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looking beyond borders

foreign policy and global economy

Archive for the tag “revolution”

Russia’s House Of Shadows

The most striking thing about the building was, and is, its history. In the nineteen-thirties, during Stalin’s purges, the House of Government earned the ghoulish reputation of having the highest per-capita number of arrests and executions of any apartment building in Moscow. No other address in the city offers such a compelling portal into the world of Soviet-era bureaucratic privilege, and the horror and murder to which this privilege often led.

Read Here – The New Yorker

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Iran’s ‘City Of Mullahs’ Has A Surprising Side

Before the 1979 Islamic Revolution, this city was pious and sedate… Qom became the bedrock of Iran’s theocracy and remains one of the country’s holiest places — home to 200,000 religious scholars, a destination for Shiite Muslim pilgrims and a center of Islamic thought in a country whose political system is controlled by the clerical establishment. But the city of about 1 million is no longer single-mindedly religious, and its clerics are not immune to the anxieties bubbling beneath the surface of modern Iran.

Read Here – The Los Angeles Times

The Vote That Could Wreck The European Union

It has been many years since France last had a revolution, or even a serious attempt at reform. Stagnation, both political and economic, has been the hallmark of a country where little has changed for decades, even as power has rotated between the established parties of left and right. Until now. This year’s presidential election, the most exciting in living memory, promises an upheaval.

Read Here – The Economist

A Toxic Brew Of Desalinated Water

THE death of Iran’s Princess Ashraf in Dubai turned the focus on a defining cultural metaphor of our times — an unequal contest between waning riparian civilisations of which she was a part, and a noxious upstart culture that came with the advent of desalinated water, in which she perished.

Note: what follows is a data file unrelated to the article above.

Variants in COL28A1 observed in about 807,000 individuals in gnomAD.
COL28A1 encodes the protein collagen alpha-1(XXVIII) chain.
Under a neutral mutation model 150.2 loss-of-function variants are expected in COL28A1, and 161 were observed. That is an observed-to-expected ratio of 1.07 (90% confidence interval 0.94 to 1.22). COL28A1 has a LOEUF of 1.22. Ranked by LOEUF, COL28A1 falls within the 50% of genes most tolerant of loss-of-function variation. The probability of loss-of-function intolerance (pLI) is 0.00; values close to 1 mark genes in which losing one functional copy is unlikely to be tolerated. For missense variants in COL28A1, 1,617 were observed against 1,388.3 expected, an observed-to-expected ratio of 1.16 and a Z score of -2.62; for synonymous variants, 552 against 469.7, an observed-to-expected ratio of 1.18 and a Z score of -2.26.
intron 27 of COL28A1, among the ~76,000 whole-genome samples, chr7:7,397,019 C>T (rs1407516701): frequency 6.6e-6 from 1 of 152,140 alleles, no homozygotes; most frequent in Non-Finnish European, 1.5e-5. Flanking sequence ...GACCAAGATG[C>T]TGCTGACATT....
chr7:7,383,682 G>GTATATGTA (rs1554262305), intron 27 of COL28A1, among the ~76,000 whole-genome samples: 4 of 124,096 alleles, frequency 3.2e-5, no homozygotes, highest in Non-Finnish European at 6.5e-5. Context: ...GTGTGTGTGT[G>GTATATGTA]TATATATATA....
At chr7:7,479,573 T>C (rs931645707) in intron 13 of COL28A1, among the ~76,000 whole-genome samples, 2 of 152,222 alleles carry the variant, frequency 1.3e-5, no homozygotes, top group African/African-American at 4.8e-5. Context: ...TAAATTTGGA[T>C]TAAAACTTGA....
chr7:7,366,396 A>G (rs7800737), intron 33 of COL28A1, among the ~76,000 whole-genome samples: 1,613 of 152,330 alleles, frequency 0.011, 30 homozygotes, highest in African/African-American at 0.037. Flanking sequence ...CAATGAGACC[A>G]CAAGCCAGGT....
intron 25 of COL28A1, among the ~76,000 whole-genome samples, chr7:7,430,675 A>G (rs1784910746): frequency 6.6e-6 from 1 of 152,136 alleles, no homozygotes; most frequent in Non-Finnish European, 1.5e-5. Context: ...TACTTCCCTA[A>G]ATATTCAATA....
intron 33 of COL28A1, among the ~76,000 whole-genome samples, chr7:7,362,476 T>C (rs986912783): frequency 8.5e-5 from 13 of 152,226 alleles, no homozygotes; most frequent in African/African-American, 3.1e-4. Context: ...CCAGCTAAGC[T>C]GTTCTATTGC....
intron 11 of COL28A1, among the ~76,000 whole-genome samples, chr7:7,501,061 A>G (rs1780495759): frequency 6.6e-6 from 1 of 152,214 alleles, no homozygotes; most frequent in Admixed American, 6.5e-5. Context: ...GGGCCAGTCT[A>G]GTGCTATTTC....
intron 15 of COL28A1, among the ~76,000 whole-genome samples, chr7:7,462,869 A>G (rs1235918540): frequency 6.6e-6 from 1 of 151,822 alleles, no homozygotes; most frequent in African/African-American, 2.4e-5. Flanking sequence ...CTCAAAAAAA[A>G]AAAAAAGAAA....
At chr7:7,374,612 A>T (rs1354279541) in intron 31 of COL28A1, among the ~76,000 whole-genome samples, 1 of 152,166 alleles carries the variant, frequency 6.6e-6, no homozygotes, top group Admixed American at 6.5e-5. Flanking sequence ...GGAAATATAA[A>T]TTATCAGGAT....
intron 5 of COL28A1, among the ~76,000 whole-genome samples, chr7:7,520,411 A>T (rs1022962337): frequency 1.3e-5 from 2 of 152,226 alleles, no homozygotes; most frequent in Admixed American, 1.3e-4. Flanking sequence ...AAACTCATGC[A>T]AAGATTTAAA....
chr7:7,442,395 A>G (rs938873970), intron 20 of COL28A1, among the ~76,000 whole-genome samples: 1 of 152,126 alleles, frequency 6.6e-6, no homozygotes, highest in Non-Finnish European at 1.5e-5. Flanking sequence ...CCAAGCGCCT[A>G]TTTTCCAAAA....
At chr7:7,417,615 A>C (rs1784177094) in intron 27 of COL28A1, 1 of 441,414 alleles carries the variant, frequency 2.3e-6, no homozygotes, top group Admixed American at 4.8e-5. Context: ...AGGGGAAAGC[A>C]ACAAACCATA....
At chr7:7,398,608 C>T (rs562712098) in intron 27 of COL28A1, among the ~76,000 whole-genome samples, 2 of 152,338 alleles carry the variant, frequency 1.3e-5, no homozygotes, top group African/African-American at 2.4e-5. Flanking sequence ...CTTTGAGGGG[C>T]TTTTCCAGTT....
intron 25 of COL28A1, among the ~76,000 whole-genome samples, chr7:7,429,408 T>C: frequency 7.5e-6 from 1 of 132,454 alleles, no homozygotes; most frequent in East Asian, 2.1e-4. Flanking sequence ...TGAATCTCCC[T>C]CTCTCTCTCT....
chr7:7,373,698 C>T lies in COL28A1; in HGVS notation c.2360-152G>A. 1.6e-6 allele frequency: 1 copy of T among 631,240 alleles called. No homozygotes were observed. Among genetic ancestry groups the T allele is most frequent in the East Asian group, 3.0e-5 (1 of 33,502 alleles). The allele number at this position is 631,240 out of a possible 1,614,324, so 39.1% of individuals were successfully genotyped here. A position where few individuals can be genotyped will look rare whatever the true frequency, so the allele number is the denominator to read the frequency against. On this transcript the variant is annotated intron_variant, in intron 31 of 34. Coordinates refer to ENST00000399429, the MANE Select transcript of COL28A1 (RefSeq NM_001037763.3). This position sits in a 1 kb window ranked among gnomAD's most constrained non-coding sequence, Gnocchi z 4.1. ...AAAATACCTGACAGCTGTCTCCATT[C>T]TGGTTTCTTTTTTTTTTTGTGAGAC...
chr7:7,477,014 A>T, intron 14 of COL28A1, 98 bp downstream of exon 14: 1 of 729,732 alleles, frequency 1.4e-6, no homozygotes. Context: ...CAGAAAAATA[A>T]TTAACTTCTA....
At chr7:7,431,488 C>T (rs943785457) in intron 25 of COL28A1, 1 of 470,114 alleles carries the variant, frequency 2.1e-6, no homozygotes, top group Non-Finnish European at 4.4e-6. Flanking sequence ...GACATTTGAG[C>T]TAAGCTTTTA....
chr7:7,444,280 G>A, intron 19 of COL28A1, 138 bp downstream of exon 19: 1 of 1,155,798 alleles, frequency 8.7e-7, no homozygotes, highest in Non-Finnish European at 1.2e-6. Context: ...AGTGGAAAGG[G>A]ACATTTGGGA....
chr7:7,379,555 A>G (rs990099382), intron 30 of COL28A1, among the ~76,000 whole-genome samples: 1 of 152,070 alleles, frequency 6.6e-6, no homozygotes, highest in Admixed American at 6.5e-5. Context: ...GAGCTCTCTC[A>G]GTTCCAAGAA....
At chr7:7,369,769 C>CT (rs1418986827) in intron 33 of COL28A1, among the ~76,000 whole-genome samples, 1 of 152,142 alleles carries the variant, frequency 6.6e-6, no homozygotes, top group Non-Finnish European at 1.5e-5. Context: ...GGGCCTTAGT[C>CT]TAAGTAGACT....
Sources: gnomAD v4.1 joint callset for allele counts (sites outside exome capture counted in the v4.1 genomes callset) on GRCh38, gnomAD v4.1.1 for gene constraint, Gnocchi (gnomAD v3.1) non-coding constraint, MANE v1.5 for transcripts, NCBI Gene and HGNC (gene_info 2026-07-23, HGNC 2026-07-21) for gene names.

Read Here – Dawn

Revolution Instragramed

As anti-government protests escalated in Ukraine in February, activists took to Facebook and Twitter to popularize a name for the revolutionary movement. They called it “Euromaidan,” after the pro-European bent of the demonstrators and the central square in the capital where they were massing.

Read Here – The Atlantic

Remembering A Chinese Liberal Hero

Twenty-five years ago yesterday, a senior Chinese politician named Hu Yaobang complained of dizziness at a meeting in Beijing, and asked to be excused. Moments later, he collapsed with a fatal heart attack. The 74-year-old Hu, one of China’s most senior leaders just two years before, was dead. What happened after that is history.

Read Here – The Atlantic

Why Is Saudi Backing Change In Egypt?

Saudi Arabia usually adopts policies that match its regime’s conservative nature. It is a regime that is resistant to internal change and to revolution — any revolution in any Arab country.

Read Here – Al Monitor

Is Egypt Preparing For A Second Revolution?

Millions of Egyptians flooded into the streets on the first anniversary of President Mohamed Mursi‘s inauguration to demand that he resign in the biggest challenge so far to rule by his Muslim Brotherhood.

Read Here – Reuters

The Muslim Brotherhood’s 213-Year Revolution

Two years ago …, a popular uprising ended Hosni Mubarak‘s thirty-year reign. Egypt’s revolution is still churning, of course, and that country is now deeply polarized between the ruling Muslim Brotherhood, which has embraced many of Mubarak’s autocratic tendencies in its attempt to consolidate power, and a non-Islamist opposition that fears theocratic rule in Egypt. Yet the Brotherhood and its opponents don’t only disagree on what Egypt’s post-Mubarak polity should look like; they also apparently disagree on when Egypt’s revolution actually started, and what Egyptians really revolted against.

Read Here – The Atlantic

Revolution in the Kingdom of Saudi Arabia?

Saudi Arabia is the world’s last absolute monarchy. Like Louis XIVKing Abdullah has complete authority to do as he likes. But while a revolution in Saudi Arabia is still not likely, the Arab Awakening has made one possible for the first time, and it could come in President Obama’s second term.

Read Here – The Daily Beast

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